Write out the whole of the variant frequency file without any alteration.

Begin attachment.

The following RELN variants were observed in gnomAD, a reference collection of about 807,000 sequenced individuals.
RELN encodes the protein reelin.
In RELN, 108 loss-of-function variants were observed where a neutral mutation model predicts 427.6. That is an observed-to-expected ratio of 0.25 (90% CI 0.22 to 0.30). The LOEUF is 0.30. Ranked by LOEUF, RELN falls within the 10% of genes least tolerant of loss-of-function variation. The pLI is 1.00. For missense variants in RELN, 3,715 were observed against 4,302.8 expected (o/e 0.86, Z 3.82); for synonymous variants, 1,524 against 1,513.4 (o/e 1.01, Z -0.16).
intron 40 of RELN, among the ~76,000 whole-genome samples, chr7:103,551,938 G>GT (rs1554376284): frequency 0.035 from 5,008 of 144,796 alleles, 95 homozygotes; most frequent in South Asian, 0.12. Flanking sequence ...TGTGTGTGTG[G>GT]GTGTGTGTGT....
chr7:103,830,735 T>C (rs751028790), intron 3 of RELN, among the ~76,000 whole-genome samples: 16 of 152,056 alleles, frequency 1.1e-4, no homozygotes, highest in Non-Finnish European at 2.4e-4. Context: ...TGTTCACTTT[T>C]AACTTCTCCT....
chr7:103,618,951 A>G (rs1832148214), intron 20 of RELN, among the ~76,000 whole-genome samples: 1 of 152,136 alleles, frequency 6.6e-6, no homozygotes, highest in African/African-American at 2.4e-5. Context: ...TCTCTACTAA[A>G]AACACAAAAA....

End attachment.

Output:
The following RELN variants were observed in gnomAD, a reference collection of about 807,000 sequenced individuals.
RELN encodes the protein reelin.
In RELN, 108 loss-of-function variants were observed where a neutral mutation model predicts 427.6. That is an observed-to-expected ratio of 0.25 (90% CI 0.22 to 0.30). The LOEUF is 0.30. Ranked by LOEUF, RELN falls within the 10% of genes least tolerant of loss-of-function variation. The pLI is 1.00. For missense variants in RELN, 3,715 were observed against 4,302.8 expected (o/e 0.86, Z 3.82); for synonymous variants, 1,524 against 1,513.4 (o/e 1.01, Z -0.16).
intron 40 of RELN, among the ~76,000 whole-genome samples, chr7:103,551,938 G>GT (rs1554376284): frequency 0.035 from 5,008 of 144,796 alleles, 95 homozygotes; most frequent in South Asian, 0.12. Flanking sequence ...TGTGTGTGTG[G>GT]GTGTGTGTGT....
chr7:103,830,735 T>C (rs751028790), intron 3 of RELN, among the ~76,000 whole-genome samples: 16 of 152,056 alleles, frequency 1.1e-4, no homozygotes, highest in Non-Finnish European at 2.4e-4. Context: ...TGTTCACTTT[T>C]AACTTCTCCT....
chr7:103,618,951 A>G (rs1832148214), intron 20 of RELN, among the ~76,000 whole-genome samples: 1 of 152,136 alleles, frequency 6.6e-6, no homozygotes, highest in African/African-American at 2.4e-5. Context: ...TCTCTACTAA[A>G]AACACAAAAA....